I’ve just had one of the most extraordinary and memorable visits to a museum. Ever. This week, we were on holiday in Naples…we had a free morning, and I slipped away to go up to the Museum Capodimonte in the former royal hunting park on a hill above Naples. I had heard it would be good…I had no idea quite how good.
The place was deserted. Completely empty. Just me, a couple of security guards and a room full of Titians. There was just a little rope in front of the paintings, which included the astonishing trio of portraits of Pope Paul III, hawk nosed, beady eyed, with his two “nephews” in attendance. I stood in front of the rope, all alone.
Then I walked into the next room to confront Masaccio’s Crucifixion, then through to the next room to find Titian’s sexy masterpiece Danae, her legs falling open as the golden coins rain down on her. And on and on, past Simone di Martini, Guido Reni, Raphael, Michaelangelo, Claude Lorrain and of course the local painter, Caravaggio. All blinding pieces of great, great art. Beauty, sex, devotion, pain, skill. All simply hanging on the walls for my eye only, since there was not a single other person in the gallery.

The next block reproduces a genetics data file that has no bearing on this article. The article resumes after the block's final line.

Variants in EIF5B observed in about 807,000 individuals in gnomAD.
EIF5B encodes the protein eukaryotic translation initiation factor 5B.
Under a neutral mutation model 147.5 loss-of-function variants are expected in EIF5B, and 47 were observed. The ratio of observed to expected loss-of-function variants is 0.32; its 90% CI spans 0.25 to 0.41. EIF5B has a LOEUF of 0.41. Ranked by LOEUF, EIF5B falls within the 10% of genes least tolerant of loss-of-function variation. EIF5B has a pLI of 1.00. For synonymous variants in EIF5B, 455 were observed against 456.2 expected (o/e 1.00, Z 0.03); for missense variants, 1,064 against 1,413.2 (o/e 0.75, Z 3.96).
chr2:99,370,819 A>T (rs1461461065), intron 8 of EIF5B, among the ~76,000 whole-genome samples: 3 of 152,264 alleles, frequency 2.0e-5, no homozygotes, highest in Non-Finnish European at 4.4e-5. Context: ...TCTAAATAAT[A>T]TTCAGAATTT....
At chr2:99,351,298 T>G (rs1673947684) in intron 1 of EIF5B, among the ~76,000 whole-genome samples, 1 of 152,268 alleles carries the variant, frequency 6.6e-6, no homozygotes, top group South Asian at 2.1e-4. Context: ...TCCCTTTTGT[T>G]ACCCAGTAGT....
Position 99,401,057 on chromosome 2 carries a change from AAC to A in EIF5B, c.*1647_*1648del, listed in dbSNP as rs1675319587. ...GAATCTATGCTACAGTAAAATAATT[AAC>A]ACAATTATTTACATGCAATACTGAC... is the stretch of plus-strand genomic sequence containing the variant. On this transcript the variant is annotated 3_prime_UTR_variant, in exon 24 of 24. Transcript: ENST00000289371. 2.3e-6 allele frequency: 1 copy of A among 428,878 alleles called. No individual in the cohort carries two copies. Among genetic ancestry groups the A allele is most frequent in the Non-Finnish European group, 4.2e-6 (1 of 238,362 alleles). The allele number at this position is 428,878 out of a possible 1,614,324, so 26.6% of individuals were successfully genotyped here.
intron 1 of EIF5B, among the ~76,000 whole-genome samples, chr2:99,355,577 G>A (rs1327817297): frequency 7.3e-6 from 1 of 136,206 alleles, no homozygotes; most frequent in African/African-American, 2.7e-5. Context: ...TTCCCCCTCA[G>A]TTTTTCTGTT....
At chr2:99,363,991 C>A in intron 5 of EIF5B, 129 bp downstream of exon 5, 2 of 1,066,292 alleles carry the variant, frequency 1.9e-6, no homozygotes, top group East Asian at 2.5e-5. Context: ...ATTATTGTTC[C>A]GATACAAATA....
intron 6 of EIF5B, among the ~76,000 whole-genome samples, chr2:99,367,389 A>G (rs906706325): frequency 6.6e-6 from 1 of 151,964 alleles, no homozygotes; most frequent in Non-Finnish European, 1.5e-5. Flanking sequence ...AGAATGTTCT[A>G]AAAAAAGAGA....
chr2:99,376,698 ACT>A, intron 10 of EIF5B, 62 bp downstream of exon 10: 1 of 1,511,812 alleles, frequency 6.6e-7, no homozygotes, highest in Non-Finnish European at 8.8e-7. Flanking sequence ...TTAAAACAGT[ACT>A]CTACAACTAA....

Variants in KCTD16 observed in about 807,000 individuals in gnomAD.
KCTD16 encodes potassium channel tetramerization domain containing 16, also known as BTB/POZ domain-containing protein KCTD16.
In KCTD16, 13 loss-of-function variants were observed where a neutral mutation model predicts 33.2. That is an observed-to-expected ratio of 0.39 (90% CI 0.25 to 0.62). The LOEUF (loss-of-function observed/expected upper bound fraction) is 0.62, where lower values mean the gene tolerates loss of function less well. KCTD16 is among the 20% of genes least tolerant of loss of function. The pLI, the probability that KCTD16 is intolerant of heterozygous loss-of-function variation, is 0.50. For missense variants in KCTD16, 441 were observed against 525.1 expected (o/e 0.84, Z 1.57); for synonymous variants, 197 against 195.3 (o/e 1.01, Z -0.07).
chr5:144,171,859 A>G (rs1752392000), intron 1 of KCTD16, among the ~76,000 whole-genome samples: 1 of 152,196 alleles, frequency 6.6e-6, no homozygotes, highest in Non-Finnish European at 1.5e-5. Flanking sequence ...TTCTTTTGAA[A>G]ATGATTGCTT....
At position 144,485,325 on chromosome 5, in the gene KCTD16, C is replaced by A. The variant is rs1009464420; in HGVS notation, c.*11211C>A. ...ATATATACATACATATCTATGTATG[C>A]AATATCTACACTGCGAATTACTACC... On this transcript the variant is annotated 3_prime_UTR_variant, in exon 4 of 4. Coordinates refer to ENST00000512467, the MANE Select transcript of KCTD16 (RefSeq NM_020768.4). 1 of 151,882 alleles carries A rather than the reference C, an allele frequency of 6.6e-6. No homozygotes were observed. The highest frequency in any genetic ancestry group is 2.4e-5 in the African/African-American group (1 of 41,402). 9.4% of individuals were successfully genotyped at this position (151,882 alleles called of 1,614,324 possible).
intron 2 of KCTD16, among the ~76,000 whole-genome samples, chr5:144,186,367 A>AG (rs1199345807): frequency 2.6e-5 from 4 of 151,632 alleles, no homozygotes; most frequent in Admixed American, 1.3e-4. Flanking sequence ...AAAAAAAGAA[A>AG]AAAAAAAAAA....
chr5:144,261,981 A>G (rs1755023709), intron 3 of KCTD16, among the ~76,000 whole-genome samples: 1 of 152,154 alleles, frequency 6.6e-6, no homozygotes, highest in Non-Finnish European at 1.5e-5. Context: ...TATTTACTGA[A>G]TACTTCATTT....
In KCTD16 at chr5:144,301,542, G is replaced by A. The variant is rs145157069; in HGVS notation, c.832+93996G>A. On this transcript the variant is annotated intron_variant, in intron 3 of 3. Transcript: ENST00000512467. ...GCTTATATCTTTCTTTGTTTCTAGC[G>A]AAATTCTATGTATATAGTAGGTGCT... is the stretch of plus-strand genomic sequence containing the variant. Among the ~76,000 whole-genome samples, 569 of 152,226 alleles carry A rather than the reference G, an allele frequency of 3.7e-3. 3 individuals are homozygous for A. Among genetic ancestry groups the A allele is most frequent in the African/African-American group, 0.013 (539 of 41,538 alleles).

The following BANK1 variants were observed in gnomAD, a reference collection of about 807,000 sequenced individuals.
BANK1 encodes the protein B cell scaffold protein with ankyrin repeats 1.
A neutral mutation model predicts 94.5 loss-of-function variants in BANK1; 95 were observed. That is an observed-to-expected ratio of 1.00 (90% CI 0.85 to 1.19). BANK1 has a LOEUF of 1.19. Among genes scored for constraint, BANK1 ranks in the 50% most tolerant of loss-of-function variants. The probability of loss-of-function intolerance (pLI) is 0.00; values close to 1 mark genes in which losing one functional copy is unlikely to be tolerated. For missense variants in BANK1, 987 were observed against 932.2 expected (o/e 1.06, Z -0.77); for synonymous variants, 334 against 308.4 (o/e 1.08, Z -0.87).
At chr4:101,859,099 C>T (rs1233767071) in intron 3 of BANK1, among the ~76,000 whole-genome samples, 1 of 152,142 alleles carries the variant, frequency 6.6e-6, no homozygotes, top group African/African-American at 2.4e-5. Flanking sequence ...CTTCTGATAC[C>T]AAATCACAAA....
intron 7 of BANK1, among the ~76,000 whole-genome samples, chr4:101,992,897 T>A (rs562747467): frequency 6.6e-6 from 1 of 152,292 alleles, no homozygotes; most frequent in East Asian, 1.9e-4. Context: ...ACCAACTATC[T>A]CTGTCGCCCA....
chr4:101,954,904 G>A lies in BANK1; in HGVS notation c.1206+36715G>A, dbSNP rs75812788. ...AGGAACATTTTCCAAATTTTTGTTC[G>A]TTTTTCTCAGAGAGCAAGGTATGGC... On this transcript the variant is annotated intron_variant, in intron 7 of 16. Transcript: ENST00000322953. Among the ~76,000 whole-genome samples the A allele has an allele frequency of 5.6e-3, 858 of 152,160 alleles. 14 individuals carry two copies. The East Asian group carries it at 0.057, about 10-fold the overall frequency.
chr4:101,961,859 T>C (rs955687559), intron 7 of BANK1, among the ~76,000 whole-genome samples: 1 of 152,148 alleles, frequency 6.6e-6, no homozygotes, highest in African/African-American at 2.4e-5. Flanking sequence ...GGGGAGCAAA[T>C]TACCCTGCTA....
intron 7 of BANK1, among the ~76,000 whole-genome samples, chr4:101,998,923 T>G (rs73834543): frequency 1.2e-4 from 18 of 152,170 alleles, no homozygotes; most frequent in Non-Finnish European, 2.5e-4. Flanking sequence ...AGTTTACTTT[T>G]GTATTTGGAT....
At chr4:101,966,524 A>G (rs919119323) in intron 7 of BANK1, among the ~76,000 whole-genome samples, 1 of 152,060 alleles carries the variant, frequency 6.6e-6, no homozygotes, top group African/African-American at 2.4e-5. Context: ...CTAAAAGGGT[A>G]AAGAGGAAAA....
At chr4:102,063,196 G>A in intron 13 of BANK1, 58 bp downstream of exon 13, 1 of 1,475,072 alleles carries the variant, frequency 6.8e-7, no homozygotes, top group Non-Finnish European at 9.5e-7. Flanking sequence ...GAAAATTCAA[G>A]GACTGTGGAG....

Is it different if a gallery is crowded, and the experience of looking at great art a communal one? I quite like seeing a fantastic show alongside everyone else – the da Vinci exhibition this Christmas was a great London event, as well as being a one off treat. But this morning, in Naples, it was just me. And perhaps because I had never been to the gallery before, the experience was all the more astonishing. It was like drinking double cream.
Go there if you can – you’ll probably find you are there on your own. I’d say its an undersold treasure. Oh, and forget about taking home a souvenir. There are none. There is a shop but there is nothing in it about the collection itself. No postcards, no books, no fridge magnets of Danae. Honestly, it’s a very rare experience.